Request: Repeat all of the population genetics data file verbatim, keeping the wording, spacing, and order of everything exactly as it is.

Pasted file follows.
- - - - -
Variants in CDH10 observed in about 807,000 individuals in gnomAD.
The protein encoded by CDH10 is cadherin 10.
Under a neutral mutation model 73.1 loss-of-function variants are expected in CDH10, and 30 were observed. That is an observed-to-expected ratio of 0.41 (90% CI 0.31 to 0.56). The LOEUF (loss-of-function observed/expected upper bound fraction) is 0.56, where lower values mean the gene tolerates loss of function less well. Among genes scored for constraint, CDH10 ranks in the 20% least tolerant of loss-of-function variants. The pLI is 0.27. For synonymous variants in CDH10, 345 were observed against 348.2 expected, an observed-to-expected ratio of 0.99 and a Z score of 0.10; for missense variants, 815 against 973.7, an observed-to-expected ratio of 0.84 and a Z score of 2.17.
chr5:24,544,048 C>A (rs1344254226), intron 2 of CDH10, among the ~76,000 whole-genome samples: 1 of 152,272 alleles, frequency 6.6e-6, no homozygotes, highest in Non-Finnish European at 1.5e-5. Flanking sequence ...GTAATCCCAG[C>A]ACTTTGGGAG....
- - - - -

Variants in CDH10 observed in about 807,000 individuals in gnomAD.
The protein encoded by CDH10 is cadherin 10.
Under a neutral mutation model 73.1 loss-of-function variants are expected in CDH10, and 30 were observed. That is an observed-to-expected ratio of 0.41 (90% CI 0.31 to 0.56). The LOEUF (loss-of-function observed/expected upper bound fraction) is 0.56, where lower values mean the gene tolerates loss of function less well. Among genes scored for constraint, CDH10 ranks in the 20% least tolerant of loss-of-function variants. The pLI is 0.27. For synonymous variants in CDH10, 345 were observed against 348.2 expected, an observed-to-expected ratio of 0.99 and a Z score of 0.10; for missense variants, 815 against 973.7, an observed-to-expected ratio of 0.84 and a Z score of 2.17.
chr5:24,544,048 C>A (rs1344254226), intron 2 of CDH10, among the ~76,000 whole-genome samples: 1 of 152,272 alleles, frequency 6.6e-6, no homozygotes, highest in Non-Finnish European at 1.5e-5. Flanking sequence ...GTAATCCCAG[C>A]ACTTTGGGAG....